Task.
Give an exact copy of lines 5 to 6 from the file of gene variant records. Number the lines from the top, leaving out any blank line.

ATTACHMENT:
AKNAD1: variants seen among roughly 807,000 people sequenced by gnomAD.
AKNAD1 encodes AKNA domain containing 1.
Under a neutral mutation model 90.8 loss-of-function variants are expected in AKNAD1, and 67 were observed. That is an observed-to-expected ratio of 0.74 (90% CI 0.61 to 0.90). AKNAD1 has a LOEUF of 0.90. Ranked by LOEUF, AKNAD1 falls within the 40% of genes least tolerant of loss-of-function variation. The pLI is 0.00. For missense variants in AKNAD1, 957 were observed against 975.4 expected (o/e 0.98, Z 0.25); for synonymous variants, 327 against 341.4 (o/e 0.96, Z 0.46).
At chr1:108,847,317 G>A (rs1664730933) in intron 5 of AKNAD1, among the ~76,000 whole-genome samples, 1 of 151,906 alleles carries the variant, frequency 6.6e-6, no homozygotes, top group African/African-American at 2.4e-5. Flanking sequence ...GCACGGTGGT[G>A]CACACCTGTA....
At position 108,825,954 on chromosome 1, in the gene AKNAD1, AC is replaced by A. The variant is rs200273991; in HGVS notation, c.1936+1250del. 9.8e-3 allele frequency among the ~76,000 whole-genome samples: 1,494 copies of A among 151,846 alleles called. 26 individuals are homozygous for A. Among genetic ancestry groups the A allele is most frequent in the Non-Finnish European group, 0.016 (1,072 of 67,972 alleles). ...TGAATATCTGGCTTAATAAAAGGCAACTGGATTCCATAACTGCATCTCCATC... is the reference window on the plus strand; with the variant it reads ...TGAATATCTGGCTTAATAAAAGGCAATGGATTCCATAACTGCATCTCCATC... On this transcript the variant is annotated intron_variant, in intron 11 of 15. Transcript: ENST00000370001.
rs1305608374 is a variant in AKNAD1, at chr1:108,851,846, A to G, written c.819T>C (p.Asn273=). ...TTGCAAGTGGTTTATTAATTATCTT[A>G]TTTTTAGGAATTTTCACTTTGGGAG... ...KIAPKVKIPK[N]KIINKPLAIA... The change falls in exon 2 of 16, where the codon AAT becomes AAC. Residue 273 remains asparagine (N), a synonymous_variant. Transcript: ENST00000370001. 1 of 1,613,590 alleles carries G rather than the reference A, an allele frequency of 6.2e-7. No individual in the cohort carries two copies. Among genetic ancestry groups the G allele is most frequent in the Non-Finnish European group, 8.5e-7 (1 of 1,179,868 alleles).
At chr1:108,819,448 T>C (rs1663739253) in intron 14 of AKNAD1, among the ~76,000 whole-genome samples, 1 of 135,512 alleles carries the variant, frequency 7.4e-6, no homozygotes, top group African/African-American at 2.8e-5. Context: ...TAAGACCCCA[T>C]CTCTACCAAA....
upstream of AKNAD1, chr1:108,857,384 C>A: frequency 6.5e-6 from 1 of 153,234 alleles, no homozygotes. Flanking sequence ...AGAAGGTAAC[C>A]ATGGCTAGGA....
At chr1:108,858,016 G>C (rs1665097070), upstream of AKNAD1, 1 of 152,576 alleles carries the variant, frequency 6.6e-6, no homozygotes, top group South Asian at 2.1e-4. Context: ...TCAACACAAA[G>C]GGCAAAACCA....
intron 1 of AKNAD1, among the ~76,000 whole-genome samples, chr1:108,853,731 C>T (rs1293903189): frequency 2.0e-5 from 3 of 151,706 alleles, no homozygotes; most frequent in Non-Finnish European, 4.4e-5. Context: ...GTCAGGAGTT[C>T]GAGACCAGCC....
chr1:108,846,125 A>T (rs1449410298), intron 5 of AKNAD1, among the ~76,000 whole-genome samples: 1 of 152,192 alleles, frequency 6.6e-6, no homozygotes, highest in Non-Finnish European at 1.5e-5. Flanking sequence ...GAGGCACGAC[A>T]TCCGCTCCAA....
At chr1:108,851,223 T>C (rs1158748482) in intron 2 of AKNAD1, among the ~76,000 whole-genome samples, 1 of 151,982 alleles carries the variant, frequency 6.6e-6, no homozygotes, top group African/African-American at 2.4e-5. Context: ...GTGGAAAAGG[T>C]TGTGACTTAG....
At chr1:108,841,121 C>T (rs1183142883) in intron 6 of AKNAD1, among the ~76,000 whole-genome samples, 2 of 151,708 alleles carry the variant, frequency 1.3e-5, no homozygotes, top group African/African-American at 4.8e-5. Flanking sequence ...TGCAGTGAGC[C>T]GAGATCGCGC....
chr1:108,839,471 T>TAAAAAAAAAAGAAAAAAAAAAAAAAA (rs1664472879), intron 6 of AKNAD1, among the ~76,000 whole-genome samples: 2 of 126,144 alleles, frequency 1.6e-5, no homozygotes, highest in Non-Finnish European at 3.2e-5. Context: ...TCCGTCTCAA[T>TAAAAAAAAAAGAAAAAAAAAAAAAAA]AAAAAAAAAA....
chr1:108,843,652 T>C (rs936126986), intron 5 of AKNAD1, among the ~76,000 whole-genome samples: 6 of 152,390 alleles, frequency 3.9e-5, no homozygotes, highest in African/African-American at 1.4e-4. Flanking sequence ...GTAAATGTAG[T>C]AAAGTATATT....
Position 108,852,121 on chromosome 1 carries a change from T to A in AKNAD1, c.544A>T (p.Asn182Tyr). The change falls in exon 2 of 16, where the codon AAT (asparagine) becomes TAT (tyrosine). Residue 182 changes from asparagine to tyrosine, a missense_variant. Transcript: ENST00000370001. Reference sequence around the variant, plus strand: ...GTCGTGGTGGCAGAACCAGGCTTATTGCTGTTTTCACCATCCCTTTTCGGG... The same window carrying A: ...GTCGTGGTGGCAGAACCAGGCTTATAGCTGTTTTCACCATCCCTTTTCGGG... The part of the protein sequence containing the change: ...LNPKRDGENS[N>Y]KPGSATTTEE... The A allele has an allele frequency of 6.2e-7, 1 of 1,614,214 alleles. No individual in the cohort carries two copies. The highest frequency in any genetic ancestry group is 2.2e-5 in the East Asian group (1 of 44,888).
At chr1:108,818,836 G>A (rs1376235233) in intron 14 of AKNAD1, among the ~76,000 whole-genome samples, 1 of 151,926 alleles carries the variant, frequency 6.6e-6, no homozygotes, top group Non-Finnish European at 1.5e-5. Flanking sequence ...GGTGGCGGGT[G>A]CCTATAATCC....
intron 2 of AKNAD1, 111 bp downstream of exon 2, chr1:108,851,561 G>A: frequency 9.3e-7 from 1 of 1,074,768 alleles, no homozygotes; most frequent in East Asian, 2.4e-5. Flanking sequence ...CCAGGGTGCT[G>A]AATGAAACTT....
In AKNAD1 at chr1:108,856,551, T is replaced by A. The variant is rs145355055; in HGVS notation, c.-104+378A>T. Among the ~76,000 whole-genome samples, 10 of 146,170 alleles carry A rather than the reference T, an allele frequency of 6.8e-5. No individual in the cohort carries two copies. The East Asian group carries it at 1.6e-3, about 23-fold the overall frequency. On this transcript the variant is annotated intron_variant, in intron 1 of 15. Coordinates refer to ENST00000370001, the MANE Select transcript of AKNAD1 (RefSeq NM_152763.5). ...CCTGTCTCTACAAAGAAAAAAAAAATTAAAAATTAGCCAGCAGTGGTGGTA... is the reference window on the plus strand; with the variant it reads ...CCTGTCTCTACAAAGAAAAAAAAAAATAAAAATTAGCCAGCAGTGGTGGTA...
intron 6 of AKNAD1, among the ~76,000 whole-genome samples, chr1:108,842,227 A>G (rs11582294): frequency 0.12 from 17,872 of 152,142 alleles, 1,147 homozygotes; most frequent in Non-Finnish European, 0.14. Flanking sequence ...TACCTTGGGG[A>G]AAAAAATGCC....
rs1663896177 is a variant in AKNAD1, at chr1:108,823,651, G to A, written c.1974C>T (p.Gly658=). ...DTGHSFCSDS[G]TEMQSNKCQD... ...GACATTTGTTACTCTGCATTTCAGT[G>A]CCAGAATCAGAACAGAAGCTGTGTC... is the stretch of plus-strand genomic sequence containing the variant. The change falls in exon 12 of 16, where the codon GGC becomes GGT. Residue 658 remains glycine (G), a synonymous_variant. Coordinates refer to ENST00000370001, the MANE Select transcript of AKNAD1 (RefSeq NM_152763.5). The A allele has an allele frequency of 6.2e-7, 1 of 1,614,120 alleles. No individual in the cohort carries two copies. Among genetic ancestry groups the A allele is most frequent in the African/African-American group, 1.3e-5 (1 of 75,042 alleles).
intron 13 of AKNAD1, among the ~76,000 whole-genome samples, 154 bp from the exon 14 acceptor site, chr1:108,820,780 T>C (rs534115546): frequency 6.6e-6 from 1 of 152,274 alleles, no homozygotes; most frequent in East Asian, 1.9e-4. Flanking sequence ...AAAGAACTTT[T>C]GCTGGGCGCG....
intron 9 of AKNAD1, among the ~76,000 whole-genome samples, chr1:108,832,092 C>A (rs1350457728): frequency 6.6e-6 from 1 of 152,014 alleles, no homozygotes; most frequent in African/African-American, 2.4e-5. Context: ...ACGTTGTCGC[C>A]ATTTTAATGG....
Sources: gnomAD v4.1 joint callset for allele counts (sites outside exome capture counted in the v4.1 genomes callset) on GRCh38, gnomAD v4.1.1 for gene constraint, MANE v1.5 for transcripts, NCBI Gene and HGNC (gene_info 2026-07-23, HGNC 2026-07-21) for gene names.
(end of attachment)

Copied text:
At position 108,825,954 on chromosome 1, in the gene AKNAD1, AC is replaced by A. The variant is rs200273991; in HGVS notation, c.1936+1250del. 9.8e-3 allele frequency among the ~76,000 whole-genome samples: 1,494 copies of A among 151,846 alleles called. 26 individuals are homozygous for A. Among genetic ancestry groups the A allele is most frequent in the Non-Finnish European group, 0.016 (1,072 of 67,972 alleles). ...TGAATATCTGGCTTAATAAAAGGCAACTGGATTCCATAACTGCATCTCCATC... is the reference window on the plus strand; with the variant it reads ...TGAATATCTGGCTTAATAAAAGGCAATGGATTCCATAACTGCATCTCCATC... On this transcript the variant is annotated intron_variant, in intron 11 of 15. Transcript: ENST00000370001.
rs1305608374 is a variant in AKNAD1, at chr1:108,851,846, A to G, written c.819T>C (p.Asn273=). ...TTGCAAGTGGTTTATTAATTATCTT[A>G]TTTTTAGGAATTTTCACTTTGGGAG... ...KIAPKVKIPK[N]KIINKPLAIA... The change falls in exon 2 of 16, where the codon AAT becomes AAC. Residue 273 remains asparagine (N), a synonymous_variant. Transcript: ENST00000370001. 1 of 1,613,590 alleles carries G rather than the reference A, an allele frequency of 6.2e-7. No individual in the cohort carries two copies. Among genetic ancestry groups the G allele is most frequent in the Non-Finnish European group, 8.5e-7 (1 of 1,179,868 alleles).